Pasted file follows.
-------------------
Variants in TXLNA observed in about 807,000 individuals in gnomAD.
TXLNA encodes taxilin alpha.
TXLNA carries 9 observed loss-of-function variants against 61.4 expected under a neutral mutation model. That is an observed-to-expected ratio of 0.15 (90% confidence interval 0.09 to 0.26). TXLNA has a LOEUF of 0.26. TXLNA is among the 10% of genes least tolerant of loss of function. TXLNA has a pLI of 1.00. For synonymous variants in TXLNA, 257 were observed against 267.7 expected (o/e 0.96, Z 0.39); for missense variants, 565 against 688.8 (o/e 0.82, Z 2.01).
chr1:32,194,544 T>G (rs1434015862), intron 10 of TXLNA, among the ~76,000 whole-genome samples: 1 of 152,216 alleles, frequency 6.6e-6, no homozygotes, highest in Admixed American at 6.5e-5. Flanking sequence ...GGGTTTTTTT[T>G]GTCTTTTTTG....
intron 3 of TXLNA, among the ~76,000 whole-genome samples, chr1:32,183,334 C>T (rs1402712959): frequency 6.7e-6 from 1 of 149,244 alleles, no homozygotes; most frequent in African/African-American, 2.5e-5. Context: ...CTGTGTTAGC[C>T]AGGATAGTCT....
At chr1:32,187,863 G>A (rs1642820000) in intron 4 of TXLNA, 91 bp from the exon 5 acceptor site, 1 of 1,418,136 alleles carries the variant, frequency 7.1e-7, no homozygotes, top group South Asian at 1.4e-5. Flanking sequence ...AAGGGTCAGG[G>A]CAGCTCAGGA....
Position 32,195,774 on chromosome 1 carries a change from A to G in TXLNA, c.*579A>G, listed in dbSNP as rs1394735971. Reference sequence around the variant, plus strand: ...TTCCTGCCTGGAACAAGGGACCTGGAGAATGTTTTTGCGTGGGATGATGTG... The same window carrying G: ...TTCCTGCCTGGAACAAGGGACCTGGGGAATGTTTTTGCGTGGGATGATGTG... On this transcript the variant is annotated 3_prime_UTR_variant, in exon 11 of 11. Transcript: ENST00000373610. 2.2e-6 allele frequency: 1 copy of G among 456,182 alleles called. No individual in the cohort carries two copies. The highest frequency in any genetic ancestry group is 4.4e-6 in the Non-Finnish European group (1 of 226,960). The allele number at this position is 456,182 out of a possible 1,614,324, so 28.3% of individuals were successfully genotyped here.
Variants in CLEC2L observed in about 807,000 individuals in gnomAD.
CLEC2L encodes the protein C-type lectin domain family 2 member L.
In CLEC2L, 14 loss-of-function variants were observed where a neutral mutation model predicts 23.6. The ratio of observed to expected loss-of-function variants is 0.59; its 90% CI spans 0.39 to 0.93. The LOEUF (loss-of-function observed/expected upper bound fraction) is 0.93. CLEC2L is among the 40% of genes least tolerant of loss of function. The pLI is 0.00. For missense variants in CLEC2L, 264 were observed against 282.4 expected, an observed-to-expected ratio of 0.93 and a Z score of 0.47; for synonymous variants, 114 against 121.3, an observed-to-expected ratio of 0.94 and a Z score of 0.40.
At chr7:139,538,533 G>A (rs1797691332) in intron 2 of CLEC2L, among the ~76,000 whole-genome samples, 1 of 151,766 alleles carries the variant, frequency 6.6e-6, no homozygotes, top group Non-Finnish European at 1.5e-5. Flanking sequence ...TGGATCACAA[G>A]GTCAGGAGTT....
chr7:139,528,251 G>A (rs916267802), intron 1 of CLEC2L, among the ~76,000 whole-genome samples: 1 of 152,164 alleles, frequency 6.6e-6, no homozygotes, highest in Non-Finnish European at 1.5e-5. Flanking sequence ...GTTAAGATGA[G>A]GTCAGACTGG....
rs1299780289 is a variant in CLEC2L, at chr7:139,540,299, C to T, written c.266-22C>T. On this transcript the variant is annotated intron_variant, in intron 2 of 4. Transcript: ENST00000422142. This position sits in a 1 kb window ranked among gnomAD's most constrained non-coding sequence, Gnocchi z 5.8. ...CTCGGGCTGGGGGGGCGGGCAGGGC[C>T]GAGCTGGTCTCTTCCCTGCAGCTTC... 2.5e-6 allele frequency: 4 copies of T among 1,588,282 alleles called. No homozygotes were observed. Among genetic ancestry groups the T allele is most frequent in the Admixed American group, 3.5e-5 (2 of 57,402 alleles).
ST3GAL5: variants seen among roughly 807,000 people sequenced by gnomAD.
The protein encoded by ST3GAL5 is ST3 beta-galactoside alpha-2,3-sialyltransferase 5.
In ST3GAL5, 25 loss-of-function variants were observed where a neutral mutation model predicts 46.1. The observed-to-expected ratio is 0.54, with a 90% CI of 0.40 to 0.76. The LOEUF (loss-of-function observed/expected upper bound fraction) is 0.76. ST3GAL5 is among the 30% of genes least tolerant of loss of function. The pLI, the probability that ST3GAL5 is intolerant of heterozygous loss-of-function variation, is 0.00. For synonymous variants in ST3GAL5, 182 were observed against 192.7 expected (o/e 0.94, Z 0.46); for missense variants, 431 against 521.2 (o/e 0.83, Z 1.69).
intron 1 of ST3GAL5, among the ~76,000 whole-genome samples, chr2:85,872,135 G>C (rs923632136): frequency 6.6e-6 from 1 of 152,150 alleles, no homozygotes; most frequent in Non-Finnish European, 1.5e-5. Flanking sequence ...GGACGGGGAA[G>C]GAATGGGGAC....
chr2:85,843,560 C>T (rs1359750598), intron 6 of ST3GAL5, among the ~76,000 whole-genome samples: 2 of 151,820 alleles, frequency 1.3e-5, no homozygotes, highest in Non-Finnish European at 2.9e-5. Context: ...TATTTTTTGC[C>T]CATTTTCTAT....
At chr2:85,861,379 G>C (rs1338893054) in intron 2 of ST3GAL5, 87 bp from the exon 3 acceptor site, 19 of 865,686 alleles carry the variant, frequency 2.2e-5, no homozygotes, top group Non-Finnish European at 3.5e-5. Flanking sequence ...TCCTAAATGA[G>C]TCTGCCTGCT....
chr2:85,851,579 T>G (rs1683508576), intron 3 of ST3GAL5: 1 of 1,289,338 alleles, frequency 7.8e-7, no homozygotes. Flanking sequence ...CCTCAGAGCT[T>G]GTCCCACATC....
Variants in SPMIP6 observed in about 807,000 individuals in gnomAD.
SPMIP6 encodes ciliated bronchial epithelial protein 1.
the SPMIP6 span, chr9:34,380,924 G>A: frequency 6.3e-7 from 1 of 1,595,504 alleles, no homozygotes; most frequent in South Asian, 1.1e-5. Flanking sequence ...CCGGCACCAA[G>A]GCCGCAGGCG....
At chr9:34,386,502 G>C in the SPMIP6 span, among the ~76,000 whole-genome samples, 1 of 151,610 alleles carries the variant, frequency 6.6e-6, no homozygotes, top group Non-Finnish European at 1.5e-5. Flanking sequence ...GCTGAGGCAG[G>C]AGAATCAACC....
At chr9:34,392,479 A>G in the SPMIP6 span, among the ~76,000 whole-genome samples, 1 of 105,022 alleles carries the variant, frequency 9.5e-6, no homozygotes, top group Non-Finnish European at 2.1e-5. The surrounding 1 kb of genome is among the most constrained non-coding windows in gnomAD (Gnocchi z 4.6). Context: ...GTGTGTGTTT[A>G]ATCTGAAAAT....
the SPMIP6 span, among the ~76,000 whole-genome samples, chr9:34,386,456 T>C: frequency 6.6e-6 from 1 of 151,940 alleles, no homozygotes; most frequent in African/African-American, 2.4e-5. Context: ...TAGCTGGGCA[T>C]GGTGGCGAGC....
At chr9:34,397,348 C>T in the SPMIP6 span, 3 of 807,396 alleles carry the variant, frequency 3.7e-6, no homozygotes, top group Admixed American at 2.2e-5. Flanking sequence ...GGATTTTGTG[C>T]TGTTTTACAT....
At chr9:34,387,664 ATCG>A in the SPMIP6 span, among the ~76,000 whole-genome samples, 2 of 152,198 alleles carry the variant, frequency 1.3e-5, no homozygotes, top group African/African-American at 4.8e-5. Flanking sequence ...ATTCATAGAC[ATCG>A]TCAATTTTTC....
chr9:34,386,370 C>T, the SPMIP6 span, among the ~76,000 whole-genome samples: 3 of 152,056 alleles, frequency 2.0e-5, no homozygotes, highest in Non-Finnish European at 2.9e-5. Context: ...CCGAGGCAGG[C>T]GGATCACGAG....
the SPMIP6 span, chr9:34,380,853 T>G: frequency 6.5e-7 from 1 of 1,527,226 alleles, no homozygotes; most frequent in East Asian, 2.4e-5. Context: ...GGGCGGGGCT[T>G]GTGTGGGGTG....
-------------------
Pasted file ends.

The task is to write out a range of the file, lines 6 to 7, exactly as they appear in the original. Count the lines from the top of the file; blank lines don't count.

At chr1:32,187,863 G>A (rs1642820000) in intron 4 of TXLNA, 91 bp from the exon 5 acceptor site, 1 of 1,418,136 alleles carries the variant, frequency 7.1e-7, no homozygotes, top group South Asian at 1.4e-5. Flanking sequence ...AAGGGTCAGG[G>A]CAGCTCAGGA....
Position 32,195,774 on chromosome 1 carries a change from A to G in TXLNA, c.*579A>G, listed in dbSNP as rs1394735971. Reference sequence around the variant, plus strand: ...TTCCTGCCTGGAACAAGGGACCTGGAGAATGTTTTTGCGTGGGATGATGTG... The same window carrying G: ...TTCCTGCCTGGAACAAGGGACCTGGGGAATGTTTTTGCGTGGGATGATGTG... On this transcript the variant is annotated 3_prime_UTR_variant, in exon 11 of 11. Transcript: ENST00000373610. 2.2e-6 allele frequency: 1 copy of G among 456,182 alleles called. No individual in the cohort carries two copies. The highest frequency in any genetic ancestry group is 4.4e-6 in the Non-Finnish European group (1 of 226,960). The allele number at this position is 456,182 out of a possible 1,614,324, so 28.3% of individuals were successfully genotyped here.